Left Bay’s Musings on the Media

Searching for answers in sales and marketing

Archive for June, 2007

Small business looking into SEO? What NOT to do.

This post came from Search Engine Land’s Small is Beautiful weekly column for small businesses. In it, Matt McGee of Marchex, Inc., lists 20 DON’TS for Small Businesses looking into SEO. I’m not usually a fan of these “list” posts, but his tips were surprisingly relevant and helpful. Some highlights:

2. Don’t wait too long to implement SEO. Matt notes here that SEO should be a part of your business’ web strategy from day one, but moreover, being involved in SEO sooner will help assure that it won’t become a problem later.

5. Don’t spread your content over several domains. I don’t know what it is about duplicate content lately, but I’ve been seeing it come up a lot recently. Be wary about buying multiple domains and creating the same or similar content – it will affect the rankings of both sites and how robots will view them (spam?). Permanent redirects are the way to go when attempting to migrate a site to a new domain.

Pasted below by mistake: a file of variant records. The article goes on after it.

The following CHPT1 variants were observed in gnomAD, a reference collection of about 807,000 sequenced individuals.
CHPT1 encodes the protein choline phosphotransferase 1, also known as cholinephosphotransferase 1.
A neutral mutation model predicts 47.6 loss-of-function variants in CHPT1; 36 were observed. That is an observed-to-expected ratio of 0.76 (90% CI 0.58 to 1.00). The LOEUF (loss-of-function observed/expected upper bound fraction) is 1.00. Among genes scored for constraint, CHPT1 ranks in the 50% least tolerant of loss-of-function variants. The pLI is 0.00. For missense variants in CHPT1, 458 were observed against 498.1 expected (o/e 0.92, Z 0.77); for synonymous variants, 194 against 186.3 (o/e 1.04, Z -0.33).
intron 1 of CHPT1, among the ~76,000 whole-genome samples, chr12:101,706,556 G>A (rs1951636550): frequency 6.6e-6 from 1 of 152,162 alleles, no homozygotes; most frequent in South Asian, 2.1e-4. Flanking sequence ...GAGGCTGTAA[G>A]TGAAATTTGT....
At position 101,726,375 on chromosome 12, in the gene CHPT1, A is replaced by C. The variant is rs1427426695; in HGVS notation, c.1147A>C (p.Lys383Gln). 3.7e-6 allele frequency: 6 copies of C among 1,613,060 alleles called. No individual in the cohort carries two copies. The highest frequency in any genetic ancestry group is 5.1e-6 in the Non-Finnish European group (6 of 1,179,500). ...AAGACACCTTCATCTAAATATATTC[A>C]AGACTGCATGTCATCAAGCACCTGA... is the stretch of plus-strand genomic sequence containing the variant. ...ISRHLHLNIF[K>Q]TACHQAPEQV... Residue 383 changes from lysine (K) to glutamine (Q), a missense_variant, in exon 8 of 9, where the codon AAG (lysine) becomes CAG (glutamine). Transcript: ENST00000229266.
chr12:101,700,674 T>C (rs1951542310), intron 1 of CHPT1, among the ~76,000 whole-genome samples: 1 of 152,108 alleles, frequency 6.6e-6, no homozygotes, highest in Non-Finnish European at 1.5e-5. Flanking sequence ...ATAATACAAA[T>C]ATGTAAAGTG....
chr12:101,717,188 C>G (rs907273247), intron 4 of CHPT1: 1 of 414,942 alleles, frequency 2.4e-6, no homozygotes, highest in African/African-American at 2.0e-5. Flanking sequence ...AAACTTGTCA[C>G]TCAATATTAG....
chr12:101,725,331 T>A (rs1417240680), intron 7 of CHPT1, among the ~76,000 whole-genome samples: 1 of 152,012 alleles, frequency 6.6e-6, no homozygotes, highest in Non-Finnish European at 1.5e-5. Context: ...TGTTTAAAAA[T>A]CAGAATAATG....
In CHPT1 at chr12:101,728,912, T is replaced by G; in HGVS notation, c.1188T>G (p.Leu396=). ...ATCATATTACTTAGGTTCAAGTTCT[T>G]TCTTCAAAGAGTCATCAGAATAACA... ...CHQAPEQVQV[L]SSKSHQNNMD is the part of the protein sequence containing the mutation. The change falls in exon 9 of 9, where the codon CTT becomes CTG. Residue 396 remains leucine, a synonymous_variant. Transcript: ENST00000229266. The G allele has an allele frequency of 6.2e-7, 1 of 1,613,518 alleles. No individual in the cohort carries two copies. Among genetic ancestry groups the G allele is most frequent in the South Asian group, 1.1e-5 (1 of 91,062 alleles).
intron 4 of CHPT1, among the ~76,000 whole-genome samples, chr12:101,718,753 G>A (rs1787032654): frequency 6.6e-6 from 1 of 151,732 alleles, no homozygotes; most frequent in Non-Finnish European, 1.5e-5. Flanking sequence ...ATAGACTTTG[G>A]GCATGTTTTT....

8. Don’t target overly general keywords. Mistake number one for PPC first-timers. It leaves them wondering “Why do my bids cost me over $5 each?” and “How come my clicks are so low compared to my impressions?” I strongly encourage small businesses to heed this advice especially, because small businesses benefit way more from long-tail marketing than trying to compete amongst the big guys.